Rootstock Raising: Guava seeds of cv. Sardar or Purtugal are sown on raised seed beds of 2m x 1m size in August or March. The seedlings become ready for transplanting after six months and budding is done when these seedlings attain a diameter of 1.0 to 1.2 cm at about 15 cm height. Sometimes, the guava seedlings show signs of wilting due to damping-off. To control this, drench the seedbeds with 0.3% Captan.

Budding : The best time for patch budding is May and June when it gives 75-80 per cent success. Freshly cut, angular budwoodfrom current season’s growth is used for budding. A semi-circular ora rectangular patch of bark (2.5 x 1.0 cm) with two buds is removed from the scion stick taking care that the bark does not split. It is then fixed on the exposed portion of the root stock and tied immediately with the polythene strip leaving both the buds uncovered. The polythene is removed after a week or so when the bud-take has occurred. When the shoots developing from the buds have attained length of 15-20 cm, retain the vigorously grown shoot and remove the weaker ones.The guava can also be propagated by wedge grafting in February,on root stock seedlings 2.5-3.0 cm thick, raised from seeds directly sown in polythene bags. The scion stick should be defoliated 8-10 days prior to grafting. To maintain humidity, the graft should be immediately covered with white polythene tube (25 cm x 6 cm) which should be removed after bud sprouting.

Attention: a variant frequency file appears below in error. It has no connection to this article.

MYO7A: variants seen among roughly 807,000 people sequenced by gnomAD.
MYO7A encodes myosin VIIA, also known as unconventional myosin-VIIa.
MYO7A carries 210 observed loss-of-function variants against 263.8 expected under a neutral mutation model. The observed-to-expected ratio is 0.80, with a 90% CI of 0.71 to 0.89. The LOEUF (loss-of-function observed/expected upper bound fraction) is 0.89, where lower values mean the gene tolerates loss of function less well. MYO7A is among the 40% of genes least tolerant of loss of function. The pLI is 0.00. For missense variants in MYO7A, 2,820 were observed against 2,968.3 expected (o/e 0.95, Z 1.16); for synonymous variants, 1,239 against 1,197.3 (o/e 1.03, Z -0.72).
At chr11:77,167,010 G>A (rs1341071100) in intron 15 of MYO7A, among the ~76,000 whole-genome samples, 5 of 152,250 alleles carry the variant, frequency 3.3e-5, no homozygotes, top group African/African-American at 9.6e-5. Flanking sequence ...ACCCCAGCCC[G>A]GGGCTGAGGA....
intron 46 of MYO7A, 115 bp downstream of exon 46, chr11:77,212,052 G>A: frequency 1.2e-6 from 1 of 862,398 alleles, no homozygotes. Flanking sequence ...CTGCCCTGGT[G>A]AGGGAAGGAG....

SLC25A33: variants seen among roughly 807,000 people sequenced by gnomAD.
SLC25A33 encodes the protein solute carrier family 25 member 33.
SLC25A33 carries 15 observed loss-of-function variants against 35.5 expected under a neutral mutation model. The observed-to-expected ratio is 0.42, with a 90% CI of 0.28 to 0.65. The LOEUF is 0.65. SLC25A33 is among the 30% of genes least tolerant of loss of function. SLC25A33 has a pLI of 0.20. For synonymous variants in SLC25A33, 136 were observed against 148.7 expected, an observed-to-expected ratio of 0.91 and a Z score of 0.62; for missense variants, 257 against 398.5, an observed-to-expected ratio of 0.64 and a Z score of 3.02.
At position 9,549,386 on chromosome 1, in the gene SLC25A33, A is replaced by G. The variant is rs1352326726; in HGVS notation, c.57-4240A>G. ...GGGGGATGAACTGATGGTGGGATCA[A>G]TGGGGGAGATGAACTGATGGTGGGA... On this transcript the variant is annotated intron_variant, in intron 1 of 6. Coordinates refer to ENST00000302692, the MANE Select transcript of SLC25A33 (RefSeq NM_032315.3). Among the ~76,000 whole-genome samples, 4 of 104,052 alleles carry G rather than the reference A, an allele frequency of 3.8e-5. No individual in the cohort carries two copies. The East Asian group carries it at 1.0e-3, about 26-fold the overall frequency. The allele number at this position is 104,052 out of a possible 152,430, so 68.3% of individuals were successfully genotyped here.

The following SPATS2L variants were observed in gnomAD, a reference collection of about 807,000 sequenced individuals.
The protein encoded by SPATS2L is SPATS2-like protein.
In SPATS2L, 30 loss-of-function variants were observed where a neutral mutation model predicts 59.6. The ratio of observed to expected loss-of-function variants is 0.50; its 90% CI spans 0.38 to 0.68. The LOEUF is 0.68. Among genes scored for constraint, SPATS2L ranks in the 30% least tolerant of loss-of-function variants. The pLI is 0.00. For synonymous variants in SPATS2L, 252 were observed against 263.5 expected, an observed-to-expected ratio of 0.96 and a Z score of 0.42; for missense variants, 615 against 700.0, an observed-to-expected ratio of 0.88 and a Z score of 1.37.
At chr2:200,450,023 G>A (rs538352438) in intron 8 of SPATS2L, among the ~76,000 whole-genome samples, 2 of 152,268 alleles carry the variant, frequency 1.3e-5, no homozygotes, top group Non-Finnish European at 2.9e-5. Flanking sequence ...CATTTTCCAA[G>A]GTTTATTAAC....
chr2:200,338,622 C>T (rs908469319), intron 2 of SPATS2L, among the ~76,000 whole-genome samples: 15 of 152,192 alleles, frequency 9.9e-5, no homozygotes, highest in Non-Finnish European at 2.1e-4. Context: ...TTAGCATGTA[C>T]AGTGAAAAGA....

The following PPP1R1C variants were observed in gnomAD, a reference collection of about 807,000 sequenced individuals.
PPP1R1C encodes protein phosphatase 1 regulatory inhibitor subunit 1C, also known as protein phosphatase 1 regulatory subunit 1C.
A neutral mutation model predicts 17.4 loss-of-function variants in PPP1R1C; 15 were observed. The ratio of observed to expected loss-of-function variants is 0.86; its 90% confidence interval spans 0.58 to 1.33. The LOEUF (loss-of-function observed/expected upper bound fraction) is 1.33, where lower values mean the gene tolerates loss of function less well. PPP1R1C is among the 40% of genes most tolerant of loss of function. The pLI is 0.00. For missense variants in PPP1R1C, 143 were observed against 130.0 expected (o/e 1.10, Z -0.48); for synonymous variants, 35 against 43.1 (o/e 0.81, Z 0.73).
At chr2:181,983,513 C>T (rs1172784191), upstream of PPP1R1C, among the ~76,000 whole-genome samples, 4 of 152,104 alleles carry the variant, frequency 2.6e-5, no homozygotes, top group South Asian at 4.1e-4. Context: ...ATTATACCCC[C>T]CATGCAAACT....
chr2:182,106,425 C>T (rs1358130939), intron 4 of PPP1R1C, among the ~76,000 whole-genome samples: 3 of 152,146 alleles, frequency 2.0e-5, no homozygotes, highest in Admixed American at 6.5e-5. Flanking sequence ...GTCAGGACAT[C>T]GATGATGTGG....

Guava may be planted in February-March or August-September with earth balls or bare rooted. In latter case the plants should be defoliated and the roots covered with some moist material. Guava plants can be planted at a spacing of 6mx5m. With this planting plan, 132 plants can be accommodated in one acre.

Training and Pruning

Training of guava trees improves fruit yield and quality. Modifiedleader system of training is generally followed. The main objective of training guava plants is to provide a strong framework and scaffold or branches suitable for bearing a heavy remunerative crop without breakage of the branches. The flowers and fruits in guava are borne on current season’s growth, hence, a light annual pruning up to 10 cm tip removal may prove useful to encourage new shoots after the harvest. Dead, diseased, inter crossing branches and suckerscoming up from the base and sides of the framework should also beprunned back annually.

Rejuvenation of old Unproductive Guava Trees

Head back the old unproductive guava trees at 1.5 m from the ground level in the month of March leaving 2-3 primary scaffolds and apply Bordeaux paste on the cut ends. In August, thin out the crowded and intermingled shoots and prune 50 percent portion of the newly emerged shoots from the top. This leads to flowering and fruiting in winter season crop.

Manures and Fertilizers

Age of tree Farmyard Dose per tree (g)(years) manure (kg) Urea Superphosphate Muriate of Potash1-3 10-20 150-200 500-1500 100-4004-6 25-40 300-600 1500-2000 600-10007-10 40-50 750-1000 2000-2500 1100-1500 Above 10 50 1000 2500 1500 Farmyard manure should be applied in May. Half of the inorganic fertilizers should be applied in May-June and the remaining half in September-October.

Zinc Deficiency: The affected plants produce small leaves with yellowing or chlorosis in between the veins. The plant growth is suppressed and the branches start dieing back. Correct this deficiency by spraying the trees with 1% solution of zinc sulphate(1 kg of zinc sulphate + 1/2 kg of unslaked lime in 100 litres ofwater). Give 2 or 3 such sprays at fortnightly interval between June to September.